A prey [taken] by Domhnall son of Diarmaid Cille Badhuna [Mac Carthaigh] from the castle of Ceall Fiacla, and eight Galls were killed there, and two of their nobles were taken by him as hostages. He demolished castles in Uí Mac Caille, and put people to death.
A hosting by the Galls of Munster and Cork, and they sent marauders throughout Féardhruim, and killed Corc Ó Muircheartaigh, and Giolla Mucuille Ó Céadfadha, and the son of Buadhach Ó Súilleabháin, and many others. Slaughter was inflicted on the Galls as they were returning to Cork.
A hosting by Cathal Croibhdhearg Ó Conchobhair and the nobles of Munster came to destroy Cork, but Domhnall son of Mac Carthaigh prevented them, after he had handed over the town on his own conditions to the Galls.
Louth was plundered and burned, together with its castle, by Niall Mac Mathghamhna and John de Courcy.
Defeat and slaughter [were inflicted] by Cinéal Eóghain and the Oirthir on Ruaidhrí Mac Duinn Shléibhe, king of Ulaidh, near Armagh.
Muircheartach Ó Lochlainn, king of Cinéal Eóghain, was treacherously killed by Conchobhar Ó Cathain and the Cinéal Eóghain themselves, in violation of the security of Patrick and his saints, the Three Shrines, the Canóin, and Clog an Udhachta.
A.D. 1197. Conchobhar Ruadh Ó Briain turned against Donnchadh Cairbreach, his own kinsman, and brought Galls with him to Thomond, which they plundered, both church and lay property. They killed Cú Meadha Mac Con Mara, Conchobhar Ó Cuinn, and many others.
A hosting by the Galls to Durrus, but they did no harm there other than the burning of churches, and they turned back.
Conchobhar Ó Cathain, king of Fir na Craoibhe and Cianachta, fell by the power of Patrick together with his saints and relics, inretribution for the violation of his security.
Flaithbheartach Ó Maoil Doraidh, king of Cinéal Conaill, Cinéal Eóghain and the territories as far as Eas Dara and Loch Gile in the north of Bréifne, died after he had renounced the world.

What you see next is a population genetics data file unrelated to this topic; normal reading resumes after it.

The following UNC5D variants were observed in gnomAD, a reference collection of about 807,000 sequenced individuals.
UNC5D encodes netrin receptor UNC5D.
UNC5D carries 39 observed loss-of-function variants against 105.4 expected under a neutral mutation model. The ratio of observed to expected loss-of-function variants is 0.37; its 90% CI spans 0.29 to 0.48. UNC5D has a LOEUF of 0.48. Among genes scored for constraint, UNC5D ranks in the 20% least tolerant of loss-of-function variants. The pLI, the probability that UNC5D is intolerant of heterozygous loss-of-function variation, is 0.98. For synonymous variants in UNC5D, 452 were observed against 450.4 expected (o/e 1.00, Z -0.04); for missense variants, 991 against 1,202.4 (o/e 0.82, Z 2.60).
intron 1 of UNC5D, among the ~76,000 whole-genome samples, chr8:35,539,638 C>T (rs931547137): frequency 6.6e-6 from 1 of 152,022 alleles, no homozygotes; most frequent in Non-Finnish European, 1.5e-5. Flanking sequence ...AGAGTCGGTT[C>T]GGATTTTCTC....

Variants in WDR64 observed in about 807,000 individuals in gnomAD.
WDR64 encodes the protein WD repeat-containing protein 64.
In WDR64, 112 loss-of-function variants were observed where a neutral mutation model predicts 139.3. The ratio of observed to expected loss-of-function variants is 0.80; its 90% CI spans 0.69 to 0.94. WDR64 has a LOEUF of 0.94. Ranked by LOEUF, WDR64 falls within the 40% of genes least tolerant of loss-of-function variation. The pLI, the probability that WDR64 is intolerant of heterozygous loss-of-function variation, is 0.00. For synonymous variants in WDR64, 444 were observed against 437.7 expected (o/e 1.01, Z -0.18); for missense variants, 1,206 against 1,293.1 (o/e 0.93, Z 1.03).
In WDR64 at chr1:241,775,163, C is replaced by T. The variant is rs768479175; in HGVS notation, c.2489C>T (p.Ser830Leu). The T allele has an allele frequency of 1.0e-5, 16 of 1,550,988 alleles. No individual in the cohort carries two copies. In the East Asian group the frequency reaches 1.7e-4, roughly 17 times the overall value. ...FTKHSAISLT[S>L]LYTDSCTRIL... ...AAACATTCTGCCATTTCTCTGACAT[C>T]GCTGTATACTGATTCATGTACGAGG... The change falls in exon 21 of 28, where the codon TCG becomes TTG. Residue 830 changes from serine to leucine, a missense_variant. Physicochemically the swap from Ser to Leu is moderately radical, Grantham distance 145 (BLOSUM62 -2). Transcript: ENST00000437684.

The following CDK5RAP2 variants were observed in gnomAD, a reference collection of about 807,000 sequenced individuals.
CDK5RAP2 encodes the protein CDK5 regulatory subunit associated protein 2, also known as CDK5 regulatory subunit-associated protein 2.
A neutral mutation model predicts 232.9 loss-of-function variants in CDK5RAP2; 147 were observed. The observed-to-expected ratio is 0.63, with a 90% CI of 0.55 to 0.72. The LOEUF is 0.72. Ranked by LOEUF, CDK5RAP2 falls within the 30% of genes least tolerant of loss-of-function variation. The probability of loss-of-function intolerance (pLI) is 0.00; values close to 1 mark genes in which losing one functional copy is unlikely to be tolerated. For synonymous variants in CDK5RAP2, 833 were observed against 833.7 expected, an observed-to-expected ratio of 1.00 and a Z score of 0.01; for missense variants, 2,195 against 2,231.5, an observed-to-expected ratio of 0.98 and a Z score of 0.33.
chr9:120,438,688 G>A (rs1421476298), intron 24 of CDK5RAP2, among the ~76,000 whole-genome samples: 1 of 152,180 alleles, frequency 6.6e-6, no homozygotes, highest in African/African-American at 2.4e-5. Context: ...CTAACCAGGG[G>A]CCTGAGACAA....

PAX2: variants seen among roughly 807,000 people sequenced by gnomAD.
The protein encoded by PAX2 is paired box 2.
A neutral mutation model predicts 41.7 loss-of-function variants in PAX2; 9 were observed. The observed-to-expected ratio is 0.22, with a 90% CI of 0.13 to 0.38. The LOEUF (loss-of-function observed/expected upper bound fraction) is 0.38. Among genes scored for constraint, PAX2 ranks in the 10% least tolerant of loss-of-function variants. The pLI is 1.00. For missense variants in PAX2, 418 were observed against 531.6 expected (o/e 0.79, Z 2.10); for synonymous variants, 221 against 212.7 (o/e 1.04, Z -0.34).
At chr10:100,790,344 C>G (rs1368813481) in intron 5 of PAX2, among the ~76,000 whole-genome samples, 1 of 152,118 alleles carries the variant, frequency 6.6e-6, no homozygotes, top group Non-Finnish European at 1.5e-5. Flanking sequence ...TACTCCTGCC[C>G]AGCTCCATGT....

A hosting by John de Courcy past Tuaim into Tír Eóghain to Ard Sratha, Magh Nidh, Ráith Both, and Derry. A battle between him and Cinéal Conaill at Cnoc na Sgam, in which slaughter was inflicted on them, and Eachmharcach Ó Dochartaigh, their king, was killed. John plundered well-nigh all Inis Eóghain, and returned in triumph.
A.D. 1198. Ruaidhrí son of Toirdhealbhach son of Ruaidhrí [Ó Conchobhair], king of Connacht, who had the kingship of Ireland for a time, died on a pilgrimage at Cunga, having renounced the world.
A castle [was built] by the Galls at Ard Pádraig.
Muircheartach son of Domhnall Mór Ó Briain was banished by his kinsman, Conchobhar Ruadh son of Domhnall Mór, out of Thomond, and he himself took the kingship in Thomond after him.
1. A.D. 1199. Richard, king of England, died, and John, his brother, took the kingship of England.
Richard Carew, a noble baron, died at Cork.
A great war was made by the Galls on the Gaels, in which the territory froze the Shannon to Féardhruim was laid waste.
A castle [was built] by the Galls at Eas Geibhtine.